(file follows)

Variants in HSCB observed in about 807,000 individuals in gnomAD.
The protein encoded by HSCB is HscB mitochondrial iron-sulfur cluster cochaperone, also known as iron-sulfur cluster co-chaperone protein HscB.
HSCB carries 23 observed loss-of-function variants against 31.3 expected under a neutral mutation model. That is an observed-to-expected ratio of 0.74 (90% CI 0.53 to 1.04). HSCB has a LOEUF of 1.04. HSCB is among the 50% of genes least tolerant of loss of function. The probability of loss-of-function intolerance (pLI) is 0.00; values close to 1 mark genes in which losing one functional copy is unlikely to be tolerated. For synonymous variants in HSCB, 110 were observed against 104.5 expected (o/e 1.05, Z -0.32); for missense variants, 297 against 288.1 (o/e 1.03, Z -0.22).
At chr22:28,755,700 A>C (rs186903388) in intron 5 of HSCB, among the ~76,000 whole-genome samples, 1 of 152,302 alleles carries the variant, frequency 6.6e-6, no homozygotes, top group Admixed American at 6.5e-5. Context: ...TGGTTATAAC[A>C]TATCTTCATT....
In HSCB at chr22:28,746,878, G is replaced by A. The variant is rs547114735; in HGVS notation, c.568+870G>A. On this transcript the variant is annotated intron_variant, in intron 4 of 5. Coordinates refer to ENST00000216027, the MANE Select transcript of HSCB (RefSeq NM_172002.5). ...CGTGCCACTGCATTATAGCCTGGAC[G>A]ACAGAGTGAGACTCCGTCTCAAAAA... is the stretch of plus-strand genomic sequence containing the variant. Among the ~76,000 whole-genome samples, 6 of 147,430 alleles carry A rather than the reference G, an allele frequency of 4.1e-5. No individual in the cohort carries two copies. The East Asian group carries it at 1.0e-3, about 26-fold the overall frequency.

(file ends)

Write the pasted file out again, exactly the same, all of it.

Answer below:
Variants in HSCB observed in about 807,000 individuals in gnomAD.
The protein encoded by HSCB is HscB mitochondrial iron-sulfur cluster cochaperone, also known as iron-sulfur cluster co-chaperone protein HscB.
HSCB carries 23 observed loss-of-function variants against 31.3 expected under a neutral mutation model. That is an observed-to-expected ratio of 0.74 (90% CI 0.53 to 1.04). HSCB has a LOEUF of 1.04. HSCB is among the 50% of genes least tolerant of loss of function. The probability of loss-of-function intolerance (pLI) is 0.00; values close to 1 mark genes in which losing one functional copy is unlikely to be tolerated. For synonymous variants in HSCB, 110 were observed against 104.5 expected (o/e 1.05, Z -0.32); for missense variants, 297 against 288.1 (o/e 1.03, Z -0.22).
At chr22:28,755,700 A>C (rs186903388) in intron 5 of HSCB, among the ~76,000 whole-genome samples, 1 of 152,302 alleles carries the variant, frequency 6.6e-6, no homozygotes, top group Admixed American at 6.5e-5. Context: ...TGGTTATAAC[A>C]TATCTTCATT....
In HSCB at chr22:28,746,878, G is replaced by A. The variant is rs547114735; in HGVS notation, c.568+870G>A. On this transcript the variant is annotated intron_variant, in intron 4 of 5. Coordinates refer to ENST00000216027, the MANE Select transcript of HSCB (RefSeq NM_172002.5). ...CGTGCCACTGCATTATAGCCTGGAC[G>A]ACAGAGTGAGACTCCGTCTCAAAAA... is the stretch of plus-strand genomic sequence containing the variant. Among the ~76,000 whole-genome samples, 6 of 147,430 alleles carry A rather than the reference G, an allele frequency of 4.1e-5. No individual in the cohort carries two copies. The East Asian group carries it at 1.0e-3, about 26-fold the overall frequency.